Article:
Lennon: How will this crackdown on sticky substances work?


Thursday’s meeting of the MLB owners had a relatively new topic on the agenda but a fairly old problem: the increased scrutiny of the use of illegal substances by pitchers.

According to a source, the group went over the evidence collected during the first two months of the season — baseballs, caps, spin-rate data — and reached the obvious conclusion that yes, these sticky concoctions are helping to further erode a hitter’s ability to even make contact, a key element of the sport.

But that was the easy part. It already was common knowledge among everyone inside the game.

The hard part is the pledged crackdown that supposedly will follow.

Just like PEDs, which had always been illegal before MLB actively worked to penalize players for using them, the use of sticky substances beyond the allowed rosin bag to doctor the baseball already is in the rulebook as a banned activity. But rules have no meaning if they’re not enforced, which then creates a permissive gray area that players and teams are more than willing to exploit for a competitive edge.

In this case, the practice has become so widespread that some, such as Cardinals manager Mike Shildt and the Dodgers’ Trevor Bauer, have suggested that pitching staffs would be wiped out if MLB chose to punish everyone who used the substances, be it a sunscreen/rosin mix or some other customized tacky brew.

Still, ESPN reported Saturday that umpires will be instructed to “repeatedly and randomly” check pitchers during games, as Joe West did last month in confiscating the cap of Cardinals reliever Giovanny Gallegos, a bold move that sent shock waves through the league.

One notable detail: the run-up to the crackdown reportedly may take as long as two weeks to implement, which could serve as a window for pitchers to clean up their act.

What is MLB supposed to do? Start ejecting and suspending some of the game’s biggest names — or, at a minimum, publicly shaming them as alleged cheaters by confiscating their hats, gloves or belts in the middle of a game? That would seem to be the last thing the sport needs right now as it struggles to fight for fan dollars and attention in an increasingly competitive entertainment marketplace.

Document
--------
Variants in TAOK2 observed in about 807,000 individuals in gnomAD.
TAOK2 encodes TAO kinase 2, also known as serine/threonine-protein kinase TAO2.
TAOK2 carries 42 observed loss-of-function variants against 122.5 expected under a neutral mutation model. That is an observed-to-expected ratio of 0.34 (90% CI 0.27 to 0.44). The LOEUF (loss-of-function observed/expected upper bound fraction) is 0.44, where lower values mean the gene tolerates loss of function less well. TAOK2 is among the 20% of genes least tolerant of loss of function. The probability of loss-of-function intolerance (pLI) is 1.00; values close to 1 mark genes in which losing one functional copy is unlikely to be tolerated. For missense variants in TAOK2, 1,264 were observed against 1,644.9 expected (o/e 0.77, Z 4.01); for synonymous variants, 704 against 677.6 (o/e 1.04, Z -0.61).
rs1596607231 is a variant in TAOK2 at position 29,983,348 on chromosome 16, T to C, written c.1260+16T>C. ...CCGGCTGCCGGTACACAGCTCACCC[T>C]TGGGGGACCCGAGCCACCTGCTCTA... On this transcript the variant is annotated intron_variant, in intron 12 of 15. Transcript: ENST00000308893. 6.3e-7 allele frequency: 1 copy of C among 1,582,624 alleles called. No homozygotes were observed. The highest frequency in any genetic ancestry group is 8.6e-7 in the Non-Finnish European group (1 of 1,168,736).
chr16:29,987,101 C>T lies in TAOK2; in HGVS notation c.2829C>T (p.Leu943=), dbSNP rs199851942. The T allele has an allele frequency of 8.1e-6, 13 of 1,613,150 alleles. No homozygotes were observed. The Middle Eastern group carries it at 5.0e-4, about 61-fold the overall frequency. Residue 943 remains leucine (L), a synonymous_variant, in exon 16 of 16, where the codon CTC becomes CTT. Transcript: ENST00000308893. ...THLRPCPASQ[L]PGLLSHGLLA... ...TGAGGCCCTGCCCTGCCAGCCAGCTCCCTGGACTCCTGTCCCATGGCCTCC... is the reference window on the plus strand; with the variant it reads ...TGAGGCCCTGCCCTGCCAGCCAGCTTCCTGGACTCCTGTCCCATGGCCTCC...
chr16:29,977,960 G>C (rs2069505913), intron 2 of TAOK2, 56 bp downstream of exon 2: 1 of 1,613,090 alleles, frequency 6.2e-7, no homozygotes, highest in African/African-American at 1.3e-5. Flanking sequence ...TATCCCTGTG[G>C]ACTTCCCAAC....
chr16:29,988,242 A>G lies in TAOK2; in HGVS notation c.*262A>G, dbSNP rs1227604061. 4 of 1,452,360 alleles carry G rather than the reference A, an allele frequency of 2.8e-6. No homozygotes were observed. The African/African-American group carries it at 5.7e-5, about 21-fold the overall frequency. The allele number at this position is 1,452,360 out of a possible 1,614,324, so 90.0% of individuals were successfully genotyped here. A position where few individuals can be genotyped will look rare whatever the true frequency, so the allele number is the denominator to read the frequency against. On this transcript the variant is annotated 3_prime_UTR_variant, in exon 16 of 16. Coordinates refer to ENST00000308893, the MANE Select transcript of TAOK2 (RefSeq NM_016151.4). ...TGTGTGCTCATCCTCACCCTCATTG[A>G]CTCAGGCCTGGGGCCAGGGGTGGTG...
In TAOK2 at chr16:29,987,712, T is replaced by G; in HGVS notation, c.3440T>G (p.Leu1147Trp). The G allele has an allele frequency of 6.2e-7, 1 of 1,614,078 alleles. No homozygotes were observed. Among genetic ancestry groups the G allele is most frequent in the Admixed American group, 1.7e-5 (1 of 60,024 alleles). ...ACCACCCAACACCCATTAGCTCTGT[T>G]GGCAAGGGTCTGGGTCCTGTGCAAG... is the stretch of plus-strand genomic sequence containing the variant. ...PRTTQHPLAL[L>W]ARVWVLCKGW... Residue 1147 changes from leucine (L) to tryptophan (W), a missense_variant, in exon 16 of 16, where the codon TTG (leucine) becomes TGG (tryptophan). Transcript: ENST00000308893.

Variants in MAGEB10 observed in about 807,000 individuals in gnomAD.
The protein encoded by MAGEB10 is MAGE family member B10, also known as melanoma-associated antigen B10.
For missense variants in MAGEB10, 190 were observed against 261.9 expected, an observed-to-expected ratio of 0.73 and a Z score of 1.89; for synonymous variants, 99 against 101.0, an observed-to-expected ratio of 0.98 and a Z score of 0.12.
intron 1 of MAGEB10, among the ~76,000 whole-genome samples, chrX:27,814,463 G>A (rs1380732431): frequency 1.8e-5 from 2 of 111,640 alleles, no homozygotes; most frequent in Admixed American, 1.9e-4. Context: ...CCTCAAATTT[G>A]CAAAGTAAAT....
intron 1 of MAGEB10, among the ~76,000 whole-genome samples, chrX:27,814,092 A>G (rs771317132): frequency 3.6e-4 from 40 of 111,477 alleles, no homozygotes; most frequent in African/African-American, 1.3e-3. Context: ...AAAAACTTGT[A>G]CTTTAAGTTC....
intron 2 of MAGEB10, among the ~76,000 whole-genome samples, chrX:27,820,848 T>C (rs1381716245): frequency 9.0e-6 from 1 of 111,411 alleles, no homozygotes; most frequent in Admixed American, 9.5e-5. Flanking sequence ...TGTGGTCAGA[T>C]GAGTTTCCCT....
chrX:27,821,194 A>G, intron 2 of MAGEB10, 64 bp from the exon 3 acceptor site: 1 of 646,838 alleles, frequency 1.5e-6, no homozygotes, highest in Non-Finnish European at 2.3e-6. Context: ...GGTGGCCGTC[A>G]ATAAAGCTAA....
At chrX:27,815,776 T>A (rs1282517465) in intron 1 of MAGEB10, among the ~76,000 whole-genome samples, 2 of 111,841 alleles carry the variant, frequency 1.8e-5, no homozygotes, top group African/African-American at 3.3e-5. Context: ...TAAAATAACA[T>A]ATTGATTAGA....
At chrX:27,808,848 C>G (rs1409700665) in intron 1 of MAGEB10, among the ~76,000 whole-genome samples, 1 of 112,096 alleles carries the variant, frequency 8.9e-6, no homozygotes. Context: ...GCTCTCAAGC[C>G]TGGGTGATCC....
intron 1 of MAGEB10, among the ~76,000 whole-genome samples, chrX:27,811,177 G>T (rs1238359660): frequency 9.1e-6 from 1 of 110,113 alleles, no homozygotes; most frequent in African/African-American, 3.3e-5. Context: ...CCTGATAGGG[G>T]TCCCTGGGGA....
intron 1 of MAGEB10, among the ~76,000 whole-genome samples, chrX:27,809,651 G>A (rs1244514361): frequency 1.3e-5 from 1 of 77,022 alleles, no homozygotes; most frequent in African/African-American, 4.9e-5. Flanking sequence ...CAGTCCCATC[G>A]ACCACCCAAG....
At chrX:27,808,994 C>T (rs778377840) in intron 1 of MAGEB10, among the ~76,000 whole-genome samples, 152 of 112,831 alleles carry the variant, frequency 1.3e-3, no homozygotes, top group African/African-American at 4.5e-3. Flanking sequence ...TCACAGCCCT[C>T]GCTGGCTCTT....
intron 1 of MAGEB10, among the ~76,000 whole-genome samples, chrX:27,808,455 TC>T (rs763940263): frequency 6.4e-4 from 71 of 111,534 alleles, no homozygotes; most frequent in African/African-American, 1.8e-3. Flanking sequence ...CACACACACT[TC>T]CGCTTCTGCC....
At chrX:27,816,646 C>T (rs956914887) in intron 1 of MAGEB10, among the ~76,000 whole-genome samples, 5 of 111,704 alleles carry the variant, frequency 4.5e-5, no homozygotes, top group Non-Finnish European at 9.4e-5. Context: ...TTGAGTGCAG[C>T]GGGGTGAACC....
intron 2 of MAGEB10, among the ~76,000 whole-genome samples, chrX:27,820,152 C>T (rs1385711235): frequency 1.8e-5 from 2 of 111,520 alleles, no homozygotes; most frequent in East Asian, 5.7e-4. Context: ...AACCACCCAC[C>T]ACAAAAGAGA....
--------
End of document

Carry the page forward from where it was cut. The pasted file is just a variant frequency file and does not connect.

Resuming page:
But something has to be done. Through Friday’s games, the league was hitting .236 — the lowest since .237 in 1968, the Year of the Pitcher — with a .312 on-base percentage and .395 slugging percentage. As if those numbers weren’t sobering enough, there is the batter strikeout rate: 8.97 Ks per team per game. Even in 1968, it was only 5.89.

Eventually — if we’re not to that point already — this is going to create a rift in the clubhouse between hitters and pitchers. Teammates want to protect their own, of course, but how can they shrug off the practice among locker neighbors and then rail against opponents cheating?

Still, a couple of whistle-blowers have come forward lately, including the Twins’ Josh Donaldson and the Phillies’ J.T. Realmuto, saying the illegal practice has to stop. That’s fine to bring up generally, but it gets more problematic when actual names are mentioned. Nobody wants to go there despite how much their own livelihoods may be threatened by the behavior.

“Those are all good questions,” Brett Gardner said this past week. “I’m more of kind of stand back and see how things play out. I think it’s something that’s going to get taken care of one way or another — whether it be amongst the players or something else happens, whether it’s sooner or later.”